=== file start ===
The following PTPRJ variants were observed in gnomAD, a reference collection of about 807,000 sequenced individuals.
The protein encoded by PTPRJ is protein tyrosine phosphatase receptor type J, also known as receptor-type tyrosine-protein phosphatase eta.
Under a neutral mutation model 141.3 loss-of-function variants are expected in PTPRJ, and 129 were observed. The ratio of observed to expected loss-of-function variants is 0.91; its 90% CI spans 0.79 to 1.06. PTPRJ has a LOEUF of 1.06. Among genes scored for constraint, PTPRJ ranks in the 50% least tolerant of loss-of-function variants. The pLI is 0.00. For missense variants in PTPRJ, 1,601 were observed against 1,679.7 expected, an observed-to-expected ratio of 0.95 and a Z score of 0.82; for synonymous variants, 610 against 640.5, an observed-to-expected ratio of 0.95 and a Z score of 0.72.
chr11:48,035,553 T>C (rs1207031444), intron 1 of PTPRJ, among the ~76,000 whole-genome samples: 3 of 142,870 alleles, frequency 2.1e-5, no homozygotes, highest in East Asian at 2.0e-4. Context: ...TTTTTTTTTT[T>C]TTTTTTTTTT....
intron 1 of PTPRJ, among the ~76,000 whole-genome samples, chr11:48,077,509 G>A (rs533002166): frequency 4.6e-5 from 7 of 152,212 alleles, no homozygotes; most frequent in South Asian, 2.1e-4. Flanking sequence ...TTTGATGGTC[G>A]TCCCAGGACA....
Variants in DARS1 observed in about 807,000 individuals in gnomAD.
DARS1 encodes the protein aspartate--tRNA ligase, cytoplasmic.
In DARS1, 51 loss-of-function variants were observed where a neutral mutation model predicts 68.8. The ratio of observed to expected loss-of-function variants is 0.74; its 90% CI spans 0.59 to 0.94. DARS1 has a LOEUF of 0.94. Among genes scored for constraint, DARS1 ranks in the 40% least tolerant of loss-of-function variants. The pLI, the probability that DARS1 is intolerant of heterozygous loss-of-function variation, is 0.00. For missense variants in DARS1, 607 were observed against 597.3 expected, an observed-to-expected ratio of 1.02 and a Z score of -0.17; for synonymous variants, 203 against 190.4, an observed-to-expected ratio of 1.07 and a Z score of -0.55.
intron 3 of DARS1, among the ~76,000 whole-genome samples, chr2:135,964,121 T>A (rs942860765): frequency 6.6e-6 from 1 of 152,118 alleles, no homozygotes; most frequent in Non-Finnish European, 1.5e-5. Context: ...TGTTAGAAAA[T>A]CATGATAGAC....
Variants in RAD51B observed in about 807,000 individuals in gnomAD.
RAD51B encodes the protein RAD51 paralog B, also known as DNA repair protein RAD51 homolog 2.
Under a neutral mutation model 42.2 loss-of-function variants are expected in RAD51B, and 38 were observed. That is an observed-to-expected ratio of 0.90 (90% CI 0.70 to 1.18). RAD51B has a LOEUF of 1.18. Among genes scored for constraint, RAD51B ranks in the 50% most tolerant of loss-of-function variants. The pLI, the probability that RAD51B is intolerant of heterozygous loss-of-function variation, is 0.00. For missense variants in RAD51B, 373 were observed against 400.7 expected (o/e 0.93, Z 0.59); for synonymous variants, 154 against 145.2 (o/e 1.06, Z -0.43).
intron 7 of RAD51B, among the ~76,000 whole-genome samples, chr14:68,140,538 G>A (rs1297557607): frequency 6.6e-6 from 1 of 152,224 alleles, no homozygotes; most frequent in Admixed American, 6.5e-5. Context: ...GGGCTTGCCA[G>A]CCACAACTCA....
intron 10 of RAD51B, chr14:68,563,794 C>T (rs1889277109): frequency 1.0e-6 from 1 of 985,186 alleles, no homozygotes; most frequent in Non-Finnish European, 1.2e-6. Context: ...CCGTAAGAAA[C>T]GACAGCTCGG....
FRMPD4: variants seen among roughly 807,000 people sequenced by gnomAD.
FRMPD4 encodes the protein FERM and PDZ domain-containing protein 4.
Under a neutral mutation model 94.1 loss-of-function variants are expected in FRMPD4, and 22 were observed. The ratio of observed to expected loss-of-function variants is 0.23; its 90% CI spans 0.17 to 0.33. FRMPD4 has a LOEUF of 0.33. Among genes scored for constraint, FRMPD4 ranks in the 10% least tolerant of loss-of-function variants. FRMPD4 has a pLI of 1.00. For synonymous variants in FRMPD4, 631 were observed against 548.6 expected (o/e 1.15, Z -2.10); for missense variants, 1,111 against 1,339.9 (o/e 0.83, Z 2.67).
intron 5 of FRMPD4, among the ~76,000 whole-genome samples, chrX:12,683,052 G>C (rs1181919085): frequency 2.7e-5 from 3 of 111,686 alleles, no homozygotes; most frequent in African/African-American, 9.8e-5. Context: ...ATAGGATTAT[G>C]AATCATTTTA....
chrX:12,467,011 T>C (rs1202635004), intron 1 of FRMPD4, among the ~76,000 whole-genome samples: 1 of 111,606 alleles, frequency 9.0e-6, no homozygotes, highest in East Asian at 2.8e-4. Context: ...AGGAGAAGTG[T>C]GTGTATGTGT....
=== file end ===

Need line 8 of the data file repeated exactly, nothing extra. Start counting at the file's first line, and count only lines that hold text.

In DARS1, 51 loss-of-function variants were observed where a neutral mutation model predicts 68.8. The ratio of observed to expected loss-of-function variants is 0.74; its 90% CI spans 0.59 to 0.94. DARS1 has a LOEUF of 0.94. Among genes scored for constraint, DARS1 ranks in the 40% least tolerant of loss-of-function variants. The pLI, the probability that DARS1 is intolerant of heterozygous loss-of-function variation, is 0.00. For missense variants in DARS1, 607 were observed against 597.3 expected, an observed-to-expected ratio of 1.02 and a Z score of -0.17; for synonymous variants, 203 against 190.4, an observed-to-expected ratio of 1.07 and a Z score of -0.55.